It may be that one day it will be confirmed that 13...Qe8! 14.Qc1, and now either 14...Ne5, or 14...Na5, is the best way for Black to play. So, if you aren't happy with Black's chances in Game 8, then try Game 6 for inspiration.

Kamsky often likes to avoid mainstream theoretical debates which leads to him choosing some marginal variations at times. His 7...Nc6 before castling in Game Nine being a case in point:

This invites 8.Bb5 when White 'threatens' to capture on c6 making a mess of Black's queenside structure. On the other hand, it's another 'offbeat' idea that received Aronian's stamp of approval only a few months ago.

The US GM decided to provoke the dreaded Bxc6-capture anyway, which led to some tricky play at the end of which he just had a rotten structure. The idea of 9...a6 may not be too bad, but there is always a risk that any two-bishop activity gets negated, and the consequences of doubled pawns on an open file get felt. It's worth noting that in several other games (see the notes) Black has emerged with a good position from this line. This would no doubt have been the case if Kamsky had seized one of a couple of opportunities that came his way (at moves 15 and 18).

So 7...Nc6 is worth a try, but only if you don't have a phobia about doubled pawns!

Blumenfeld Counter Gambit [E10]

In Game 10, Maletin - Savchenko, White tried to maintain his dark-squared bishop with B-h4 in a line where Bxf6 is more common:

The notes suggest that 7...g5 is a perfectly acceptable antidote, but Savchenko obtained a reasonable game with the more prudent 7...d6 and then placed his bishop on e7, breaking the pin without risking any weaknesses. I consider 'equal' to be the fairest assessment of the early middlegame.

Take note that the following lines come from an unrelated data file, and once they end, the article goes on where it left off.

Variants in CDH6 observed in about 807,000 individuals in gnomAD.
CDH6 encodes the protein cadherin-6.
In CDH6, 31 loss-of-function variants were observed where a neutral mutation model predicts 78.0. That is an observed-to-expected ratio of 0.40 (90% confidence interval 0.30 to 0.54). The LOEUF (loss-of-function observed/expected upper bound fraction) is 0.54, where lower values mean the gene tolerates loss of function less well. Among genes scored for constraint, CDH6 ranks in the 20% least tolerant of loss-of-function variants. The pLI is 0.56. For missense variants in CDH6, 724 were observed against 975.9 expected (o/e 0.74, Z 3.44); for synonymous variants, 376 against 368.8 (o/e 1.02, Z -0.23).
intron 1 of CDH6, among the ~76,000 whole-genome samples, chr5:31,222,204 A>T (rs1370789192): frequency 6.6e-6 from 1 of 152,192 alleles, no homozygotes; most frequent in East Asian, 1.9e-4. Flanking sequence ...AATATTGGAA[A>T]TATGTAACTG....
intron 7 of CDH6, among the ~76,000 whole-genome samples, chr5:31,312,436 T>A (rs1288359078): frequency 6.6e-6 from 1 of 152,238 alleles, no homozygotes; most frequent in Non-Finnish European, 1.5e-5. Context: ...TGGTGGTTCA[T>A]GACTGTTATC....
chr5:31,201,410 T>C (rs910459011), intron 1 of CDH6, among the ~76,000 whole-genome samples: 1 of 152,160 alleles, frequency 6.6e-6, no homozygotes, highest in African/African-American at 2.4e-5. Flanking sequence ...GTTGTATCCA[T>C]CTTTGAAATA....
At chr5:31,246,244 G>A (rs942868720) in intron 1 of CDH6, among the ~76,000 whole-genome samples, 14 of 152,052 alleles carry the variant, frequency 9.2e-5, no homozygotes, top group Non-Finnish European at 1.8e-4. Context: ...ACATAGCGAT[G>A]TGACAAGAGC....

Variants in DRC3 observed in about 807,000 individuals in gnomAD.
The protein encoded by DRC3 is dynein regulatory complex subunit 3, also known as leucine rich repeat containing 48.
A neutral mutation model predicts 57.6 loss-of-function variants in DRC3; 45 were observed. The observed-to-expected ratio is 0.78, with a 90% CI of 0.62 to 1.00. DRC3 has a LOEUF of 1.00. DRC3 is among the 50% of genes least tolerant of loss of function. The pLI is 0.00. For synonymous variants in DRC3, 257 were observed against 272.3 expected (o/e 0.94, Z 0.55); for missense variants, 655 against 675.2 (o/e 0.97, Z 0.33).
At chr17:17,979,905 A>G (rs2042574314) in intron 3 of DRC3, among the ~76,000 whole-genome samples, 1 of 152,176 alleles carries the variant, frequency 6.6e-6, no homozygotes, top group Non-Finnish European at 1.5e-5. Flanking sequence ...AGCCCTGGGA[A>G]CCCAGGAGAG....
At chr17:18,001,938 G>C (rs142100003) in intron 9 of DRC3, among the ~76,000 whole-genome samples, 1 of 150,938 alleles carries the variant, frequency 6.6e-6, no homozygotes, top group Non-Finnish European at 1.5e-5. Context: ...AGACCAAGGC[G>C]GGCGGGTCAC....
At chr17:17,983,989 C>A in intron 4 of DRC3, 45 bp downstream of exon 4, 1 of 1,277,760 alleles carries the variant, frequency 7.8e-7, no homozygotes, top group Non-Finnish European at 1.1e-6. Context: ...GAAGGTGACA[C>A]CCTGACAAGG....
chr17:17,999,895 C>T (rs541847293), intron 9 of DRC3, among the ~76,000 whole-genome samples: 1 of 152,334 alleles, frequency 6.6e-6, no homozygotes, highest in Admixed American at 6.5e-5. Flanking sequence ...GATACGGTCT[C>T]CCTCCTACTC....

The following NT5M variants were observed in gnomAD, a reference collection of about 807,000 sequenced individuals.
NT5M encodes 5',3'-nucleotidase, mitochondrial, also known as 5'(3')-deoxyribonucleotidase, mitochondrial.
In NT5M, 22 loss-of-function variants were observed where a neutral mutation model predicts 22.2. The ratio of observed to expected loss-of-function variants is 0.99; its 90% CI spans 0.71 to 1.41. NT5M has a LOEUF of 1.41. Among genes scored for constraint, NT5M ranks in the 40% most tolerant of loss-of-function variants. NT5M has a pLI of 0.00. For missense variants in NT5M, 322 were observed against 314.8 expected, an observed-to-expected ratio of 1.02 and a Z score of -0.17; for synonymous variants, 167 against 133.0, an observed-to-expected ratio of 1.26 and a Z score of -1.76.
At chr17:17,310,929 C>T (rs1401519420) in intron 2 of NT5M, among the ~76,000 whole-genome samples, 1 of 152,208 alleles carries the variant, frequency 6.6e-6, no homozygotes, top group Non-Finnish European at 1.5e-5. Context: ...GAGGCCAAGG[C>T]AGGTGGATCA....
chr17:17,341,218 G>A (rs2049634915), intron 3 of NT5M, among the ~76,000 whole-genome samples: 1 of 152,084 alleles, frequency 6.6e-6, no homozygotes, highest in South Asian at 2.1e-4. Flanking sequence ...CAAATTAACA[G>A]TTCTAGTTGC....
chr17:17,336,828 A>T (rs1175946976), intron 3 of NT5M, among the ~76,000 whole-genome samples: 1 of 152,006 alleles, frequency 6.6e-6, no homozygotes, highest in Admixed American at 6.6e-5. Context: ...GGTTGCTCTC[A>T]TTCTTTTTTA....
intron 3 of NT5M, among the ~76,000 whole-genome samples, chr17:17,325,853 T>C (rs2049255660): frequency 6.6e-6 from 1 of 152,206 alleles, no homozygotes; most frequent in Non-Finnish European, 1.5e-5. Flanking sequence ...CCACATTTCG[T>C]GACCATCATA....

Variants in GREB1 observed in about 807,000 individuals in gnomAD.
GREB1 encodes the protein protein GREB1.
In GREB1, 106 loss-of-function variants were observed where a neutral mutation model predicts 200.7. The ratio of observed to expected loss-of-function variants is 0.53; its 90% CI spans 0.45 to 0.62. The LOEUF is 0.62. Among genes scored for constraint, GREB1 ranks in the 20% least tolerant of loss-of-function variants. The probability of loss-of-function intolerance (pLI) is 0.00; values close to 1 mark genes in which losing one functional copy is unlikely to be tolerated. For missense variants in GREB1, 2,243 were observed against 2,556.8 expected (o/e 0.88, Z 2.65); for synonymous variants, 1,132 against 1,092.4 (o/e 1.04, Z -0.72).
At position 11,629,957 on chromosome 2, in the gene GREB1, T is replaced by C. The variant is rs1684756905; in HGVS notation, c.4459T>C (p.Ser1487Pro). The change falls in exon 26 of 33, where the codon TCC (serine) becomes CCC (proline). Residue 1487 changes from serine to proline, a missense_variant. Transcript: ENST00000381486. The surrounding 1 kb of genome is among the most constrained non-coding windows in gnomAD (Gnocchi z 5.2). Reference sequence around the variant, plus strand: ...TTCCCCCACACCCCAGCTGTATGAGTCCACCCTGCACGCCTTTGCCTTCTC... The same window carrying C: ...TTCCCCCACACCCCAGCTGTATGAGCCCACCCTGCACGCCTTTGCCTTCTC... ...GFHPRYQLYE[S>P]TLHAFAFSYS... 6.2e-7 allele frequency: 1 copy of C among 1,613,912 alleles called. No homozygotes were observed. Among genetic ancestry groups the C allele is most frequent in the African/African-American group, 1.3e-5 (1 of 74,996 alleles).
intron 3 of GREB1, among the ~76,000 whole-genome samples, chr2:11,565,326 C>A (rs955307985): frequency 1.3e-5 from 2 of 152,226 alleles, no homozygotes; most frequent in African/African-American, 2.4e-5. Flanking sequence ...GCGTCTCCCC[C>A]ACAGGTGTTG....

Later on, White's attempts to squeeze some advantage out of the position involved playing f4, and might have paid off if he had found an important move (26.Qe2). However, after that Savchenko cashed-in on White's weaknesses and never gave Maletin a chance.

In Rozum - Bocharov, Game 11, White accepted the gambit, which in my opinion is a psychological error as it's exactly what Black wants!

In the middlegame, Bocharov's fine position was damaged when he advanced his d-pawn prematurely. Then Rozum had all the chances, but at the key moment White went badly astray (this time on move 25) and Black came back with a vengeance to win. The plan of Nbd2 and e2-e3 was timid, but no better or worse than many other tries in the Accepted.

Till next month, Glenn Flear